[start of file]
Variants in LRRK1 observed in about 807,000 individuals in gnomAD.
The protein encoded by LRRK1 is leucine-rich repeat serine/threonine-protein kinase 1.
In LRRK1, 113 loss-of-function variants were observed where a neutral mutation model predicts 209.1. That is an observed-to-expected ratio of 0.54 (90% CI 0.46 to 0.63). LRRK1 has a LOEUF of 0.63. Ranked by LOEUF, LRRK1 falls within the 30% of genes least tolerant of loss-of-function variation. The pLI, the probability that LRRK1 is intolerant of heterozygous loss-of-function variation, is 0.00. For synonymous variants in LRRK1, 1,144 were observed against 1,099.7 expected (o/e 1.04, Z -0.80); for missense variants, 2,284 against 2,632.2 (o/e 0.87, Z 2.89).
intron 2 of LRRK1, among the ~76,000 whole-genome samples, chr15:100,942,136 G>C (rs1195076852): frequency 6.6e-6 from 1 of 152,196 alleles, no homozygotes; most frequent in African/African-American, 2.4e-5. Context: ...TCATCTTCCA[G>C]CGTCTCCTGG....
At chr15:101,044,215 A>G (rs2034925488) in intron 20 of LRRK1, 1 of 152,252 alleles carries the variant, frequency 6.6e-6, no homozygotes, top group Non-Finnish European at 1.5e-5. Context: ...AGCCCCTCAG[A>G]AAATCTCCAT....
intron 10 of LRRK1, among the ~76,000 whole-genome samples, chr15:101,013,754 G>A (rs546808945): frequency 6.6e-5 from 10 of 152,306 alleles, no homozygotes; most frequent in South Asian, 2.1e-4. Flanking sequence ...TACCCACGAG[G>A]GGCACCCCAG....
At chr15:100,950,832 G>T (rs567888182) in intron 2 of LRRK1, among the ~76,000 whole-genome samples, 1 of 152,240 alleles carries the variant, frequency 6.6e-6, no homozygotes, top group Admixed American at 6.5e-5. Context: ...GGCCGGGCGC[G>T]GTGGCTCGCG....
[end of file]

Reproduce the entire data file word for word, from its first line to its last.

Variants in LRRK1 observed in about 807,000 individuals in gnomAD.
The protein encoded by LRRK1 is leucine-rich repeat serine/threonine-protein kinase 1.
In LRRK1, 113 loss-of-function variants were observed where a neutral mutation model predicts 209.1. That is an observed-to-expected ratio of 0.54 (90% CI 0.46 to 0.63). LRRK1 has a LOEUF of 0.63. Ranked by LOEUF, LRRK1 falls within the 30% of genes least tolerant of loss-of-function variation. The pLI, the probability that LRRK1 is intolerant of heterozygous loss-of-function variation, is 0.00. For synonymous variants in LRRK1, 1,144 were observed against 1,099.7 expected (o/e 1.04, Z -0.80); for missense variants, 2,284 against 2,632.2 (o/e 0.87, Z 2.89).
intron 2 of LRRK1, among the ~76,000 whole-genome samples, chr15:100,942,136 G>C (rs1195076852): frequency 6.6e-6 from 1 of 152,196 alleles, no homozygotes; most frequent in African/African-American, 2.4e-5. Context: ...TCATCTTCCA[G>C]CGTCTCCTGG....
At chr15:101,044,215 A>G (rs2034925488) in intron 20 of LRRK1, 1 of 152,252 alleles carries the variant, frequency 6.6e-6, no homozygotes, top group Non-Finnish European at 1.5e-5. Context: ...AGCCCCTCAG[A>G]AAATCTCCAT....
intron 10 of LRRK1, among the ~76,000 whole-genome samples, chr15:101,013,754 G>A (rs546808945): frequency 6.6e-5 from 10 of 152,306 alleles, no homozygotes; most frequent in South Asian, 2.1e-4. Flanking sequence ...TACCCACGAG[G>A]GGCACCCCAG....
At chr15:100,950,832 G>T (rs567888182) in intron 2 of LRRK1, among the ~76,000 whole-genome samples, 1 of 152,240 alleles carries the variant, frequency 6.6e-6, no homozygotes, top group Admixed American at 6.5e-5. Context: ...GGCCGGGCGC[G>T]GTGGCTCGCG....